Geothermal mercury output at Nisyros Volcano (Greece)

Risultato della ricerca: Meeting Abstractpeer review


Nisyros (Greece) is an active volcano in the eastern part of the South Aegean Active Volcanic Arc (SAAVA), hosting a high-enthalpy geothermal system. On June 2013, an extensive survey on Hg concentrations in different types of matrices (fumarolic fluids, atmosphere, soils and plants) was carried out at Lakki plain, an area affected by widespread soil degassing and fumarolic manifestations. To investigate the spatial distribution of mercury emission and its possible relationships with diffuse degassing of hydrothermal fluids, Hg concentrations in soils were related to their physicochemical parameters (e.g. temperature, soil-pH, hydrothermal gases and elemental C, N and S concentrations). Furthermore, leaves of Cistus and Erica (two local plants) were collected at the same sampling sites and their Hg contents were quantified. The concentrations of gaseous elemental mercury (GEM), H2S and CO2 were simultaneously measured in both the fumarolic emissions and in the atmosphere at the investigated sites. Mercury concentrations in the fumarolic gases ranged from 10,500 to 46,300 ng/m3, while the Hg concentrations in air showed high background values within the Lakki Plain caldera (from 10 to 36 ng/m3) with their maximum values (up to 7100 ng/m3) measured in the fumarolic areas. In the sites outside the caldera, the Hg concentrations in air were relatively low (from 2 to 5 ng/m3). A positive correlation between Hg and both CO2 and H2S values in the air exists, highlighting the important role of fumarolic and soil gases as carrier for GEM. On the other hand, soil Hg (concentrations from 0.023 to 13.7 g/g) showed no significant correlations with CO2 and H2S in the soil gases whereas a positive correlation with total S content and an inverse one with the soil-pH were noticed. These correlations evidenced the complexity of the processes involving Hg carried by hydrothermal gases while passing through the soil. Total Hg concentrations in plants, ranging from 0.010 to 0.112 g/g, had no direct correlation with soil Hg at the same sampling site. It is noteworthy that Cistus leaves presented higher values of total Hg than Erica leaves. Taking into consideration that Hg is a toxic element and is not readily absorbed by the roots, the main pathway of plant Hg uptake is probably transpiration through leaves; consequently, the higher specific leaf surface area of Cistus favoured Hg accumulation. Even though the GEM concentrations in air within the caldera of Nisyros are sometimes many orders of magnitude above the global background, the measured levels should not be considered dangerous for the human health. Values exceeding the WHO guideline value of 1000 ng/m3 are very rare (less than 0.1% of the measurements) and are only found in areas close to the main fumarolic vents, where the access to tourists is prohibited. Those areas are also characterized by elevated H2S concentrations, which are more dangerous than mercury’s concentrations.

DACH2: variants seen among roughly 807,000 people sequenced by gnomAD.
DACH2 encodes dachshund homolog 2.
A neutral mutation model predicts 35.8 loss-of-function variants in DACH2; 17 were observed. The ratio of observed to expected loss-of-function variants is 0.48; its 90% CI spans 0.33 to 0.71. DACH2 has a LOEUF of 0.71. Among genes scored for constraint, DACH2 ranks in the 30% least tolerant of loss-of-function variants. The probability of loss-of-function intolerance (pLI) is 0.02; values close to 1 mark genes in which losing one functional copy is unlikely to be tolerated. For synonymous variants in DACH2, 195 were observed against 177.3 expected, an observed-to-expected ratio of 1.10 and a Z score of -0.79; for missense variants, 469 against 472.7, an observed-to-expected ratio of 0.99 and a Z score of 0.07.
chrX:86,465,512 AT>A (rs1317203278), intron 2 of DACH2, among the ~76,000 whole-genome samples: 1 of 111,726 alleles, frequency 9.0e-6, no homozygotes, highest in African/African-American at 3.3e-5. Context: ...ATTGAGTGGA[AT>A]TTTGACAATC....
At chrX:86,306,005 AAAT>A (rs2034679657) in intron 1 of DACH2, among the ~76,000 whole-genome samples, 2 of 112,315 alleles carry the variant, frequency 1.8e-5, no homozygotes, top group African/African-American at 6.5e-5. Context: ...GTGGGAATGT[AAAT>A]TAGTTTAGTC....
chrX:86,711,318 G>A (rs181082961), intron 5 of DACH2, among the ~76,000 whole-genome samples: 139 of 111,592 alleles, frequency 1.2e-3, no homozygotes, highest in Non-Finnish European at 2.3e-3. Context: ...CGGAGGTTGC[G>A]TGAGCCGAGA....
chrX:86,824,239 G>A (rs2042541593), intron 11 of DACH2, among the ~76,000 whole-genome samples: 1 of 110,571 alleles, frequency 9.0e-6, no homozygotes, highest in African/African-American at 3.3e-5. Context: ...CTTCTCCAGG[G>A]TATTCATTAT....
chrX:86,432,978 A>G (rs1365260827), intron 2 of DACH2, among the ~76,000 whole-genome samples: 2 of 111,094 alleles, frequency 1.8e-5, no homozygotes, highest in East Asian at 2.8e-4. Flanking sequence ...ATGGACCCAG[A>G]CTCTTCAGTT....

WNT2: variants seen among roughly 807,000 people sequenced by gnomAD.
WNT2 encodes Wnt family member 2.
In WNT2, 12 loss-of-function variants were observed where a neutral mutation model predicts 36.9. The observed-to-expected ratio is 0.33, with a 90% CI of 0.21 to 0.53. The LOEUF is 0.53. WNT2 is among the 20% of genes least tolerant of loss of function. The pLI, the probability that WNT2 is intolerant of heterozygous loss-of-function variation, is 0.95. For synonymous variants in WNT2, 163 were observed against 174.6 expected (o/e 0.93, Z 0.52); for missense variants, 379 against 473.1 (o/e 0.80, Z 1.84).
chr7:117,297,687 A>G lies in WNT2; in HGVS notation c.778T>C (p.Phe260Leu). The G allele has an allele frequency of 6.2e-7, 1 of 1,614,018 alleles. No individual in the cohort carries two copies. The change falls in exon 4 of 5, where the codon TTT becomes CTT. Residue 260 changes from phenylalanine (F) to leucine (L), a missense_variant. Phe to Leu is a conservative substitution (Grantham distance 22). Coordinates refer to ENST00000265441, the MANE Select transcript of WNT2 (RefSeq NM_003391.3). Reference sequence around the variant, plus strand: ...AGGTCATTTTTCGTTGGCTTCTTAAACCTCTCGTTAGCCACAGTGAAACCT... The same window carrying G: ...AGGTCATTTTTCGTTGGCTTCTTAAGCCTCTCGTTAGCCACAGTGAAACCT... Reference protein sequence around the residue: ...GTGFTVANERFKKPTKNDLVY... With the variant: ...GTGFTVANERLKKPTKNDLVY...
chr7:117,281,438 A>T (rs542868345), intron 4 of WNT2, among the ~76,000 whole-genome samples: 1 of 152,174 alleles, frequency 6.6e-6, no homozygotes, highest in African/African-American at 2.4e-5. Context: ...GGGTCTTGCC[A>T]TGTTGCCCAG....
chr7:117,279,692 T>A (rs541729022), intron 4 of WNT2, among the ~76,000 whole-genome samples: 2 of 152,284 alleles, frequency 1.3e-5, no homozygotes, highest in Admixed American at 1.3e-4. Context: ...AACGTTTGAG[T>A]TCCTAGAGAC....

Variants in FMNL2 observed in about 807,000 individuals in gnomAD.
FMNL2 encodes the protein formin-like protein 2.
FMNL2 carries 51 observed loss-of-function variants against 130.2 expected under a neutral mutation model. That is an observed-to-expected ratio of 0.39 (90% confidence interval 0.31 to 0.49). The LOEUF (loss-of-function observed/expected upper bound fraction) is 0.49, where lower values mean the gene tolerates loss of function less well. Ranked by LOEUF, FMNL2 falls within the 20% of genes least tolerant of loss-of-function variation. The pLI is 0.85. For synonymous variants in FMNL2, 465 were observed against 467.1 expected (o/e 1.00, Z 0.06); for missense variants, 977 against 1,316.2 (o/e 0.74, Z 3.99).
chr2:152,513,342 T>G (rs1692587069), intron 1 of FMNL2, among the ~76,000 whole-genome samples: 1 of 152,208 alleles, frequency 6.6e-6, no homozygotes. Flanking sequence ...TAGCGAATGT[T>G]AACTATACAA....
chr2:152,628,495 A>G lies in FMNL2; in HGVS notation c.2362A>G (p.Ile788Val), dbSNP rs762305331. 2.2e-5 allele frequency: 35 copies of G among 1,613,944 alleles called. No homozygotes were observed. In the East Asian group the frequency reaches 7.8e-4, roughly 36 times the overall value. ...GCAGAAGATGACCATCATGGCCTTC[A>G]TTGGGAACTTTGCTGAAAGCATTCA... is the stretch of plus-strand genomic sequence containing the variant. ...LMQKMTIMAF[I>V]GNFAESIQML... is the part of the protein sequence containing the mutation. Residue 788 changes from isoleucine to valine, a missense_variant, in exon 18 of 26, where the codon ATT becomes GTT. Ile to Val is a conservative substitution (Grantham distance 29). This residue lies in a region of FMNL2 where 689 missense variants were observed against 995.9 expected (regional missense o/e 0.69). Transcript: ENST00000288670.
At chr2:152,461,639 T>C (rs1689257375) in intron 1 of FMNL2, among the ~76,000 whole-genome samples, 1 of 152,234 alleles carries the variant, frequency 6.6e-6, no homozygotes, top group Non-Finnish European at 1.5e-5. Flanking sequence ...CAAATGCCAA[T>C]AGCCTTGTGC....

Lingua originaleEnglish
Numero di pagine1
Stato di pubblicazionePublished - 2019


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